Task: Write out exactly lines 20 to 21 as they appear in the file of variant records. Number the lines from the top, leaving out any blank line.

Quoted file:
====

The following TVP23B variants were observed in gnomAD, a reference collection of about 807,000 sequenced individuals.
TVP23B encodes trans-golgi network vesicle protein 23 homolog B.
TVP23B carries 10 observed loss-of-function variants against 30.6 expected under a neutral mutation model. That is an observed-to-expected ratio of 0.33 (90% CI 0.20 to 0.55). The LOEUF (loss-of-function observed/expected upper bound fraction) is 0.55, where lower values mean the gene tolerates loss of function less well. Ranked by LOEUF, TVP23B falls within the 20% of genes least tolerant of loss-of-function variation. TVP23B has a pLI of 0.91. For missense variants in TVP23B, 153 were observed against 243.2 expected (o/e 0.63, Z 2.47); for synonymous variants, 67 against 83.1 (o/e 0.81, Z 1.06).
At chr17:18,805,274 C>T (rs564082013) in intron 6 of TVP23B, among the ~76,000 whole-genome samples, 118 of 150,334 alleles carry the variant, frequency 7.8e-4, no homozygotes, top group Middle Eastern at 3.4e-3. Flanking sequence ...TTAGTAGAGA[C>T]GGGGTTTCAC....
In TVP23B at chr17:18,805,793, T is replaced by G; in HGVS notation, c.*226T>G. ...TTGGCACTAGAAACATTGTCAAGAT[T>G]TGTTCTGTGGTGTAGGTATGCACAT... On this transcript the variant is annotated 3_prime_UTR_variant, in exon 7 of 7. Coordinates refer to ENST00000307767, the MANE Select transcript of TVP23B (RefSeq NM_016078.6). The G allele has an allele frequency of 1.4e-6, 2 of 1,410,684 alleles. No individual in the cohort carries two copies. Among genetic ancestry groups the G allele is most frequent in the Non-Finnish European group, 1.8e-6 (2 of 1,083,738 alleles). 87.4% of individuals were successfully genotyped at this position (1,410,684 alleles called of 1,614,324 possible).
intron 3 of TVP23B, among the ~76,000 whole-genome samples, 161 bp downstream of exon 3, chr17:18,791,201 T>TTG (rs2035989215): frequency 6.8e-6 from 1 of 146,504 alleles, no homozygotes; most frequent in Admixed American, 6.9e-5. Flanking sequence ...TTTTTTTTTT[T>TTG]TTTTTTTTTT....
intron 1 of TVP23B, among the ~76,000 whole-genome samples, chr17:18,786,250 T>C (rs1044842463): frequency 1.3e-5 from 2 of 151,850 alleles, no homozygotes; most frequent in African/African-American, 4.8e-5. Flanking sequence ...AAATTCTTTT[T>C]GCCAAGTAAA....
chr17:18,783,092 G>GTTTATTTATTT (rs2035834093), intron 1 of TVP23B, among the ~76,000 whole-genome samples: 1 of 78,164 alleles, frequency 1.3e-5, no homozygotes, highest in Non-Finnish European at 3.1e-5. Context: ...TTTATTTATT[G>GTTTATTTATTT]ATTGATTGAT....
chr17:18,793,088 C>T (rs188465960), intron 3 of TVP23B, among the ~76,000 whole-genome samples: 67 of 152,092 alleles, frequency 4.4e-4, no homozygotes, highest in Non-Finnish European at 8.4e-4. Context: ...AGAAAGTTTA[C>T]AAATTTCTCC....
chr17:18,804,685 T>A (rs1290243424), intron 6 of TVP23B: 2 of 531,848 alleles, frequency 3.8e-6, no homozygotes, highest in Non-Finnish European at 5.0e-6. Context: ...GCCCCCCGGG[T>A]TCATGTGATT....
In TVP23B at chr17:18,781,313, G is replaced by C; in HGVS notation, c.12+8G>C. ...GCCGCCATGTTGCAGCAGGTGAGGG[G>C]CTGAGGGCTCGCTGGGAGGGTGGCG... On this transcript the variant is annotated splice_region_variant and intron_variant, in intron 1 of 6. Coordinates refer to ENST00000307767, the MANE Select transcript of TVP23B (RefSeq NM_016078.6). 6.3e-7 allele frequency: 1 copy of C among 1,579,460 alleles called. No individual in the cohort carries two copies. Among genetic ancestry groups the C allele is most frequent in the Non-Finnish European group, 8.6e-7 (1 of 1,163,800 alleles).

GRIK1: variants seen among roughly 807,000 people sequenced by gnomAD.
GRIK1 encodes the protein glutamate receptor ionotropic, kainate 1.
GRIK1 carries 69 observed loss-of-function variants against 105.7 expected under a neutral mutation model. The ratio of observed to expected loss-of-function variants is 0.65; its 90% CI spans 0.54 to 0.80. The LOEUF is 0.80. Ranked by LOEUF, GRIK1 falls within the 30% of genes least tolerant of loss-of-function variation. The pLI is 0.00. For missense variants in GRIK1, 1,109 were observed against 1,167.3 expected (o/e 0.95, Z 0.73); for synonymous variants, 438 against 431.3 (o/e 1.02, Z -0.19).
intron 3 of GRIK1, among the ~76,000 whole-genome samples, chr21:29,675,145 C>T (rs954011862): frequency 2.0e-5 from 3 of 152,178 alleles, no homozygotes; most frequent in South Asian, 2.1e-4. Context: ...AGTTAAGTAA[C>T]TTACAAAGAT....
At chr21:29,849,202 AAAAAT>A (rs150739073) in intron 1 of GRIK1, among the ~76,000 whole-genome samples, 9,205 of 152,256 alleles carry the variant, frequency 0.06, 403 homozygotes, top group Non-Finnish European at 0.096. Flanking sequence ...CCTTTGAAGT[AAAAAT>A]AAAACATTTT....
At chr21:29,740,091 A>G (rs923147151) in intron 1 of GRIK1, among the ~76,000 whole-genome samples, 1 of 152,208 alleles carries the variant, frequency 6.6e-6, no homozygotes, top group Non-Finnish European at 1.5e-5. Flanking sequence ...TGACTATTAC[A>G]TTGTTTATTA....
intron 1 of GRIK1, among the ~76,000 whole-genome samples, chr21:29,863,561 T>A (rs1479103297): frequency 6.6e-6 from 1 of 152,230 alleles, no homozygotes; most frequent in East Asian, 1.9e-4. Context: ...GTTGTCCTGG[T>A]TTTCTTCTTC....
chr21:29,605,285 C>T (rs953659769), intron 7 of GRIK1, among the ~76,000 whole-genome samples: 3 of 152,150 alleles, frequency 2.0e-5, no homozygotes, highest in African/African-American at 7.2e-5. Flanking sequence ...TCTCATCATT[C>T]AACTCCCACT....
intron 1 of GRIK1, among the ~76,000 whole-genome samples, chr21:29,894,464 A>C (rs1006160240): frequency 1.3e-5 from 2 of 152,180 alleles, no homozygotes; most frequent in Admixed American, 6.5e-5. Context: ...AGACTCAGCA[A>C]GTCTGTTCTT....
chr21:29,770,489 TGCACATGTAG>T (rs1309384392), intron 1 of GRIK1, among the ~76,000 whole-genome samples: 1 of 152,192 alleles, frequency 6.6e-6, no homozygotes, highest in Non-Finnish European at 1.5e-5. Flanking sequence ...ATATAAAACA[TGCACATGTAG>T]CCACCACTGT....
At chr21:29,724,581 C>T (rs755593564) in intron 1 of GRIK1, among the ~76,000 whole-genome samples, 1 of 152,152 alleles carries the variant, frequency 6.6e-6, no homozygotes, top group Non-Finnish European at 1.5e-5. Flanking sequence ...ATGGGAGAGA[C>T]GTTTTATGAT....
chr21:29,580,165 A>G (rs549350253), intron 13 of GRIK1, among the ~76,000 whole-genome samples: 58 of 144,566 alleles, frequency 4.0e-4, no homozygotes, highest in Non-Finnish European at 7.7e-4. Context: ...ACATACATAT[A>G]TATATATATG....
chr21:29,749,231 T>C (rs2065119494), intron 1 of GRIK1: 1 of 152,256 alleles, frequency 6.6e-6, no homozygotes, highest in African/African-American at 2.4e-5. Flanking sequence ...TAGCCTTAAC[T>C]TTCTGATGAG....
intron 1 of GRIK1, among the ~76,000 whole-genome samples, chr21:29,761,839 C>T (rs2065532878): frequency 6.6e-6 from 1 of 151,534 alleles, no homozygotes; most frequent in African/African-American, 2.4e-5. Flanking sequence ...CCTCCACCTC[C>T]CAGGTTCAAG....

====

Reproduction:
intron 1 of GRIK1, among the ~76,000 whole-genome samples, chr21:29,894,464 A>C (rs1006160240): frequency 1.3e-5 from 2 of 152,180 alleles, no homozygotes; most frequent in Admixed American, 6.5e-5. Context: ...AGACTCAGCA[A>C]GTCTGTTCTT....
chr21:29,770,489 TGCACATGTAG>T (rs1309384392), intron 1 of GRIK1, among the ~76,000 whole-genome samples: 1 of 152,192 alleles, frequency 6.6e-6, no homozygotes, highest in Non-Finnish European at 1.5e-5. Flanking sequence ...ATATAAAACA[TGCACATGTAG>T]CCACCACTGT....